The Miracle of the "Elsie Poppies"

If you haven't read the post
"The Poppy Seed Experiment",
reading it first will provide the context for the following post.

Left: The packet of Shirley Poppy seeds that were dated for the growing season in 1970.

After sowing the seeds from the above packet back in February, and subsequently writing about them and their significance, I have waited and waited to see if the seeds would grow. I had already determined that if they did grow and bloom, I would dub them "Elsie Poppies" after my Grammy (the original owner of the seed packet).

In our region of the U.S., seeds can go in very early in the year since we usually don't have frost after the last of February or early March. Poppies are really happy in our climate if they're given an extra headstart, so that's why the seeds went into the ground in late February. That way they would get the benefit of the spring rains to help them germinate.

I watched and watched the bed where I'd sown the seeds. Soon I saw little sprouts coming up that looked like they might be poppy seedlings. I couldn't be sure if they were the Shirley Poppies though because there was a chance that they could be Red Oriental Poppies or some other volunteer poppy from others I've had in the garden previously. I realized that I would just have to wait until each plant actually bloomed to see if they were indeed Shirley Poppies. If they had a black center, then they were Red Oriental Poppies. If they didn't, then they were Shirley Poppies.

So I watched and watched some more. Finally, last week they started to bloom! I have hesitated to post. Why? Because none of them had black centers and I'm still in awe. They all had light centers! They are Shirley Poppies... ahem... "Elsie Poppies"!

There are some things in life that can only be classified as miraculous. I count this as one of them. Seeds that were 38 years old sown into the ground still remembering their purpose and mission is a miracle to me. Somehow inside those tiny black specks were the instructions that made these beautiful blooms possible.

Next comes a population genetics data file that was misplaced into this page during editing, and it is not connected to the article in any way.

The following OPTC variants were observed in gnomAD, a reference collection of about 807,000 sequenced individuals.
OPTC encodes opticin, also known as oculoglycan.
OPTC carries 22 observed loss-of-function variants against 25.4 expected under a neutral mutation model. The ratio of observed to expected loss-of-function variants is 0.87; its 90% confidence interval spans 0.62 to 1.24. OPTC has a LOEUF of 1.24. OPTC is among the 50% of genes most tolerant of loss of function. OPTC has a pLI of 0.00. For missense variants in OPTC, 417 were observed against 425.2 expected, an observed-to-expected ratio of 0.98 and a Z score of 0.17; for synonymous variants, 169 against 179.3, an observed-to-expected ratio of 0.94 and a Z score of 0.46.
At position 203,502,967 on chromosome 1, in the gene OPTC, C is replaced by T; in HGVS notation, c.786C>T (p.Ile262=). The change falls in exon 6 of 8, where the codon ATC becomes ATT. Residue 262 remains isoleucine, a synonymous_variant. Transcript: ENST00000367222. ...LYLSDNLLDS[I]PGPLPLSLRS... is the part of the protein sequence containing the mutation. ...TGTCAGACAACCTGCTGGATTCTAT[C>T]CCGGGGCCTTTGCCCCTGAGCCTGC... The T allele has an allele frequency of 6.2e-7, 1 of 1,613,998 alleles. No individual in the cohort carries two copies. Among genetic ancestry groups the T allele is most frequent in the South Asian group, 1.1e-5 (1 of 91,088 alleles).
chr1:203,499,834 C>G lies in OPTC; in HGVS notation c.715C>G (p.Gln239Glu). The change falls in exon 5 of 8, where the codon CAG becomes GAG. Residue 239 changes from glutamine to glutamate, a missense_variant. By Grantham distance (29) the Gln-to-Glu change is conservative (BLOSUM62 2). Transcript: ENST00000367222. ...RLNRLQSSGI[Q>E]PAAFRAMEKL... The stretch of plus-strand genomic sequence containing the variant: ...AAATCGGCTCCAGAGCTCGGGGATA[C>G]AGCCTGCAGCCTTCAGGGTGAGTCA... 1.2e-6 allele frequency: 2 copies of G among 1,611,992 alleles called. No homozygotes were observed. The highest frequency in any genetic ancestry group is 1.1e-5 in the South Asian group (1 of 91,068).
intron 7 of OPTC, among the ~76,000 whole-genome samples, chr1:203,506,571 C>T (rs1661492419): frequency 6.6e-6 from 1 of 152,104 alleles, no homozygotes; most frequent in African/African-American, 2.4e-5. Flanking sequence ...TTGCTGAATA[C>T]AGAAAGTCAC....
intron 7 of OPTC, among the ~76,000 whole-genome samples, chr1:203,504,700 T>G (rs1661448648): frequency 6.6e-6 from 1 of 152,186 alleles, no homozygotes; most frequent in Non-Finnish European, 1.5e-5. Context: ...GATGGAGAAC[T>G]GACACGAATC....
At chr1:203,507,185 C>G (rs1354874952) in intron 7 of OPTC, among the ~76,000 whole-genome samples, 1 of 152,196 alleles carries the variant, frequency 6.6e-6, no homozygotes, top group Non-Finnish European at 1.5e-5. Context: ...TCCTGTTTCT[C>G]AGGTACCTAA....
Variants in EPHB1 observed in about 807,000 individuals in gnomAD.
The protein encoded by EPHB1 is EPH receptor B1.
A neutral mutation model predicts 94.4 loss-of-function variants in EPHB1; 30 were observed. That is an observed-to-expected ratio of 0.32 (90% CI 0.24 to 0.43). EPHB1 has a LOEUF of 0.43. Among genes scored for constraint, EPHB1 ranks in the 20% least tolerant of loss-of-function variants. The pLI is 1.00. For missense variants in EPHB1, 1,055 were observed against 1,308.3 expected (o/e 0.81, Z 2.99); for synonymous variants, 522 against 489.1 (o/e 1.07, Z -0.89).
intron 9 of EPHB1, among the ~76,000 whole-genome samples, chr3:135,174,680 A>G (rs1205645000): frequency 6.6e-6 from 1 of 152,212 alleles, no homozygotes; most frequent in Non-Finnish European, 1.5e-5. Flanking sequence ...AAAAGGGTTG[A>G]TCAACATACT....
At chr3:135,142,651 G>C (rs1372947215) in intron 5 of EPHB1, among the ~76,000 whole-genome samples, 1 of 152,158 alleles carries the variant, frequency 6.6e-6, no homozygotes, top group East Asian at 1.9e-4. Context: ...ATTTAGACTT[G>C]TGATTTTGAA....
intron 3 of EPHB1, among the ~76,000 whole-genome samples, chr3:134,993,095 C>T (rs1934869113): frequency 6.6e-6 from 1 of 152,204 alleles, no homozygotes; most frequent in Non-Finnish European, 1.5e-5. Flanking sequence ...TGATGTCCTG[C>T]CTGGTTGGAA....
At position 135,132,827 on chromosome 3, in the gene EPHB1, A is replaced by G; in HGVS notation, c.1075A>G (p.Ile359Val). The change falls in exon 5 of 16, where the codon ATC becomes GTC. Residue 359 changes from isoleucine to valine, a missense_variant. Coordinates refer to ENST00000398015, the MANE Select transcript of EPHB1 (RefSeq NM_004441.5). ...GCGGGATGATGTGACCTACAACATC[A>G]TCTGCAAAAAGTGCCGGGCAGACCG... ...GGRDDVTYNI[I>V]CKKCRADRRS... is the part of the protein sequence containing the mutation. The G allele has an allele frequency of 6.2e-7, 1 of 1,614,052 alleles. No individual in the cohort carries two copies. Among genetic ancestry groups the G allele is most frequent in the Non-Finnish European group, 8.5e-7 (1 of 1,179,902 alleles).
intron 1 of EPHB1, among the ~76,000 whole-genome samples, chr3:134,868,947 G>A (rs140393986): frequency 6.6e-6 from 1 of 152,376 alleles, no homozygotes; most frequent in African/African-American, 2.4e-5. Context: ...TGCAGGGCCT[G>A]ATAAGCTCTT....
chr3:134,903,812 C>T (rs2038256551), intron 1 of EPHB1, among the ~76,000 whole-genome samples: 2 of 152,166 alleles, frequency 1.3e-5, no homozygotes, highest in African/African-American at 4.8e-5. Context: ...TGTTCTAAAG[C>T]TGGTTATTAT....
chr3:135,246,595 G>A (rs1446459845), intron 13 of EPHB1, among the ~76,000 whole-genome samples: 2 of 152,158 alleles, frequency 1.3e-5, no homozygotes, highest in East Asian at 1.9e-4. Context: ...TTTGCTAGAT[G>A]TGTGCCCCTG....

What is more miraculous for me is that these seeds were purchased by my Grammy. She had hoped to put them into the ground and see their lovely blooms so many years ago. But instead, the seeds weren't sown until 38 years later, and now I am enjoying the blooms that my Grammy would have seen had she planted them. There is a poignancy to this reality that I can't quite find the words to express. The only word I can use is "miracle".

And so, I share with you the "Elsie Poppies" from my garden. They are small, but they are beautiful. And they are really here! And you can bet that I'm definitely collecting the seeds from these precious blooms.

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  1. Oh Cindy, how wonderful! What a beautiful, tangible reminder of your precious Grammy. I'm thrilled for you!!!

  2. Ohhh, I love poppies. They are gorgeous. Makes you think of the Wizard of Oz.

  3. What a wonderful story -- I should think those poppies would be special, indeed! What a lovely tribute to your grandmother.

  4. Cindy, Beautifully spoken. I love the story and I KNOW Grammy is there enjoying them with you.
    Love you so much,

  5. Swallowtail Garden Seeds has Shirley Poppies for those of us without "heirloom" packages of our own. :)

  6. That's a beautifully sweet story. That is truly a miracle.

  7. What a wonderful post! I have iris in my garden from my grandma, hollyhock seeds from a neighbor and sweet peas from my mom. I love to share seeds and this story is the reason why.

  8. A lovely post! The poppies are beautiful and much more than that, they are a sweet memorial of your Grammy.
    A row of Shirley poppies in my vegetable garden got me hooked on flower gardening many years ago.. they are still one of my very favorites.


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